A Return to Natural Remedies

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Are you confused about what herbal medicine is? Do you wonder if you might want to consider taking some as an alternative to pharmaceuticals?

Many plants can be used for medicinal purposes. The World Health Organization estimated in 1985 that nearly 80% of people around the globe relied on herbs to meet their primary health care needs. Dr. H. Wagner estimated in a 1988 interview in HerbalGram: The Journal of the American Botanical Council, that 30-40% of all physicians in Germany and France relied on herbal medicine as their primary medicines.

Before 1926, “King’s American Dispensatory,” considered the bible for physicians before publication of the contemporary “Physician’s Desk Reference” (PDR), contained only herbs to treat disease. Once companies began synthesizing the plants into drugs however, herbs gradually fell out of favor among physicians; the pharmaceutical industry was born. To make huge profits, natural substances needed to be synthesized and chemically altered to be patentable. Instead of complementing them, modern science was seen as a replacement for old, reliable folk remedies.

In his classic herbal medicine text “The Healing Power of Herbs,” naturopath Michael T. Murray, N.D. concluded, “I think there are two primary differences between herbs and synthetic pharmaceutical drugs. 1) Herbs are traditionally less toxic and therefore have fewer side effects and 2) herbs correct the underlying cause of a health problem while synthetic drugs are designed to reduce symptoms.”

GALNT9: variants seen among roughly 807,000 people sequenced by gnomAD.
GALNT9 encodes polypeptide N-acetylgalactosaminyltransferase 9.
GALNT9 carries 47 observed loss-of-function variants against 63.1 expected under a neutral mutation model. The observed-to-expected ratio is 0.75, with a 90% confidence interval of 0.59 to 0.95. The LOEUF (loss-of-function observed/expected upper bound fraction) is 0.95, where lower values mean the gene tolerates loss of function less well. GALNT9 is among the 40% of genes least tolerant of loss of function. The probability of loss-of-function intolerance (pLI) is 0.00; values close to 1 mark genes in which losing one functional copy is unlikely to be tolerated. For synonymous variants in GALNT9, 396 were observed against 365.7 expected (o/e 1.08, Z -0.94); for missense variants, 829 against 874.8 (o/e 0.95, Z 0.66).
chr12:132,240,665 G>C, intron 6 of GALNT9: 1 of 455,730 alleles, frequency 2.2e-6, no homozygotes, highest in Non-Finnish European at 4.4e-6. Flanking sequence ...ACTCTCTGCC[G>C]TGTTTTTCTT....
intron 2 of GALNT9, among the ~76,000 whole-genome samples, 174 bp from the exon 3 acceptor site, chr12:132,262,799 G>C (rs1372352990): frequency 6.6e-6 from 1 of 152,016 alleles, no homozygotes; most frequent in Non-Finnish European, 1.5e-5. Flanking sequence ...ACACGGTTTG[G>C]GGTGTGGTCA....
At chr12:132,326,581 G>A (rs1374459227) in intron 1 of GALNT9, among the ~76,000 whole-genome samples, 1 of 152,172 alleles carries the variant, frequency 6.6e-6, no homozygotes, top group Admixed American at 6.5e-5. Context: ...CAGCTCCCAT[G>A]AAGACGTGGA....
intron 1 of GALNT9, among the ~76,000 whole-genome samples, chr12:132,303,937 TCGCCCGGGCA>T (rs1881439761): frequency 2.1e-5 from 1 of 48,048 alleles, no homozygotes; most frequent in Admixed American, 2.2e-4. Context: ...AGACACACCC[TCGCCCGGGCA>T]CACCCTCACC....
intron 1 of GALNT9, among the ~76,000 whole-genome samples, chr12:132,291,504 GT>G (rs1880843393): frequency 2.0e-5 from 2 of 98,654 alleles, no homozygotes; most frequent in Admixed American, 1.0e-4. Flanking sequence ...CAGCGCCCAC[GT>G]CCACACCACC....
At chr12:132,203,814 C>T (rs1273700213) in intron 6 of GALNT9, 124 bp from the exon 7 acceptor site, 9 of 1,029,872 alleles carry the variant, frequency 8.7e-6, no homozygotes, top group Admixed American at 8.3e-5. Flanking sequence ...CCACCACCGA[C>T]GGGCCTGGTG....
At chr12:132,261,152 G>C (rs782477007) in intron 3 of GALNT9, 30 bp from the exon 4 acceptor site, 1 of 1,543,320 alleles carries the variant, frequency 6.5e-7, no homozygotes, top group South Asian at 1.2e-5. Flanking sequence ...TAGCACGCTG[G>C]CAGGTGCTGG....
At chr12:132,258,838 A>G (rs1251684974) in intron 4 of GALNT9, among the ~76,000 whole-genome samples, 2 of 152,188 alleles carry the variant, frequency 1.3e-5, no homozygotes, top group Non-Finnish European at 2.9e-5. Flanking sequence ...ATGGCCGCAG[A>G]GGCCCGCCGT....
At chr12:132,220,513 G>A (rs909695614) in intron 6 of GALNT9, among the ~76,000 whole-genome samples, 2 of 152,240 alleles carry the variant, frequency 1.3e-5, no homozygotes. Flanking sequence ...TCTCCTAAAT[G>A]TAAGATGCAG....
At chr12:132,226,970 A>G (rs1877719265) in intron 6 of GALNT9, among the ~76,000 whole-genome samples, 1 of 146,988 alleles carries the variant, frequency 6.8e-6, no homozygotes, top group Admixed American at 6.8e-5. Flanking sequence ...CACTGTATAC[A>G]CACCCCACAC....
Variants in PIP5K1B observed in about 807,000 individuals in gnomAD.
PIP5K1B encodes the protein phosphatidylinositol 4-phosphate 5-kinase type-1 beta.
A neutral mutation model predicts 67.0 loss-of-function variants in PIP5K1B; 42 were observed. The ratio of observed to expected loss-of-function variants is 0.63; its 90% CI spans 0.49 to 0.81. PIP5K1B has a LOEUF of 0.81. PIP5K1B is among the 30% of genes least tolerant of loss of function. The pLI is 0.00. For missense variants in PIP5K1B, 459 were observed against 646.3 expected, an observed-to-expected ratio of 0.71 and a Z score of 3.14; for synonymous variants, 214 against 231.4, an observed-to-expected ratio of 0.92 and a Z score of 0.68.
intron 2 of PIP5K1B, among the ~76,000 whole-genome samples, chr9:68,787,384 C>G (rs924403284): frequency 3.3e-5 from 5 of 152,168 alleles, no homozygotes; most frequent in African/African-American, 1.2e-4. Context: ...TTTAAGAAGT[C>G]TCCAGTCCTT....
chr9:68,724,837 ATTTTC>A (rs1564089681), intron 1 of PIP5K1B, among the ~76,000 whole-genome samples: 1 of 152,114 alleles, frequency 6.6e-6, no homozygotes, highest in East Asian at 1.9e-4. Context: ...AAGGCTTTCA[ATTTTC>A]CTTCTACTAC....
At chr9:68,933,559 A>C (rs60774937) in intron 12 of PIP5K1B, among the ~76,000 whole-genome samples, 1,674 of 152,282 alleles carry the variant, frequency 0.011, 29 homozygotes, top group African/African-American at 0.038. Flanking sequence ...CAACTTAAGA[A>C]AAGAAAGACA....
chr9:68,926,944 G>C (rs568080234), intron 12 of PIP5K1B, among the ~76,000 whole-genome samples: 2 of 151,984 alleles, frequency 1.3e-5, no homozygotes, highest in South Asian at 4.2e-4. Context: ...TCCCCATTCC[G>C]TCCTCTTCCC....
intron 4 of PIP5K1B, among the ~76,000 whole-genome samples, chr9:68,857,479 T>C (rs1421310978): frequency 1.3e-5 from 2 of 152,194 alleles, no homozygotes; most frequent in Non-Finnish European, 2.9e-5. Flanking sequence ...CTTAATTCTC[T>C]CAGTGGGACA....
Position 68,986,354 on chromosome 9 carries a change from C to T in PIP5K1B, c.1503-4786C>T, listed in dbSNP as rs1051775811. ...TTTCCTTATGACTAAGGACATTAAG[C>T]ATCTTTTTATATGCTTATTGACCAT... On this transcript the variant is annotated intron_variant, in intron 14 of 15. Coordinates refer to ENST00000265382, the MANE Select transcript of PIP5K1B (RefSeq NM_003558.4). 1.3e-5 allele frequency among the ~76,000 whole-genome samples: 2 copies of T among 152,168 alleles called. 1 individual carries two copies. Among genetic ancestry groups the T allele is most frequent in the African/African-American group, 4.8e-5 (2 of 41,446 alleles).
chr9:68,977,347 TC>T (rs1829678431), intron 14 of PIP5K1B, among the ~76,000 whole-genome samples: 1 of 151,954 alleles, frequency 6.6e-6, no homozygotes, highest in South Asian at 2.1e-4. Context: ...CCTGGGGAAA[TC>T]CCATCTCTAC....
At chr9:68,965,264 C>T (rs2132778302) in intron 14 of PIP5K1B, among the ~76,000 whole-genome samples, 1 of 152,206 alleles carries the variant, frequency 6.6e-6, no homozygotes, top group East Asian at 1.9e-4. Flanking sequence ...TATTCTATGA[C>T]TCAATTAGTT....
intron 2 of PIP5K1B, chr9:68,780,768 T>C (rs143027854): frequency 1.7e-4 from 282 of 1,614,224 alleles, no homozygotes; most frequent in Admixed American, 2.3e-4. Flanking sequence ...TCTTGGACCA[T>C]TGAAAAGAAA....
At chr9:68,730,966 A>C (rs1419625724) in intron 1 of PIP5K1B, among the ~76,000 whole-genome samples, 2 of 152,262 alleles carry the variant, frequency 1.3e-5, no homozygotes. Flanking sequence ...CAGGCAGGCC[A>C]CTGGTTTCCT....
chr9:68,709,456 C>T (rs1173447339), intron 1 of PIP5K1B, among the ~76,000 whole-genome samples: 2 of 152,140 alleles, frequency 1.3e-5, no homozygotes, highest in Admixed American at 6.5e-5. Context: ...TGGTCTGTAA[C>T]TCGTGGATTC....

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The Herbal Tea Tradition

Herbal teas in the United States became popularized by Mo Siegel who in 1969 co-founded Celestial Seasonings, a company known for its popular Red Zinger and Sleepy Time teas. Five years later, well-respected master herbalist Rosemary Gladstar founded Traditional Medicinals with Drake Sadler with the intention of providing herbal teas for “self-care.” Credited with creating the wellness tea category, the company continues to be a major player in the segment. Says CEO Blair Kellison, “Now is a great time for Traditional Medicinals which has been a leader in wellness teas for nearly four decades.”

Portland, Ore.-based Townshend Tea Company is bringing organic medicinal herbs into their tea apothecary in a very substantial way. “It was a natural evolution for us,” says Jack Gano, manager of Townshend. “It started with employees who were experimenting with herbal teas and quickly spread to customers. I would estimate about 25% of our sales are from herbals and it’s growing.”

I believe that herbal teas are here to stay. For maximum benefit drink organic selections whenever possible. Remember to steep in boiling water in a covered cup or pot for at least 5-10 minutes to derive the optimal benefits from the herbs. With today’s delicious blends, there’s no need to gulp it down quickly like medicine. Relax, restore, revitalize. Healing never tasted so good.


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Michelle Rabin

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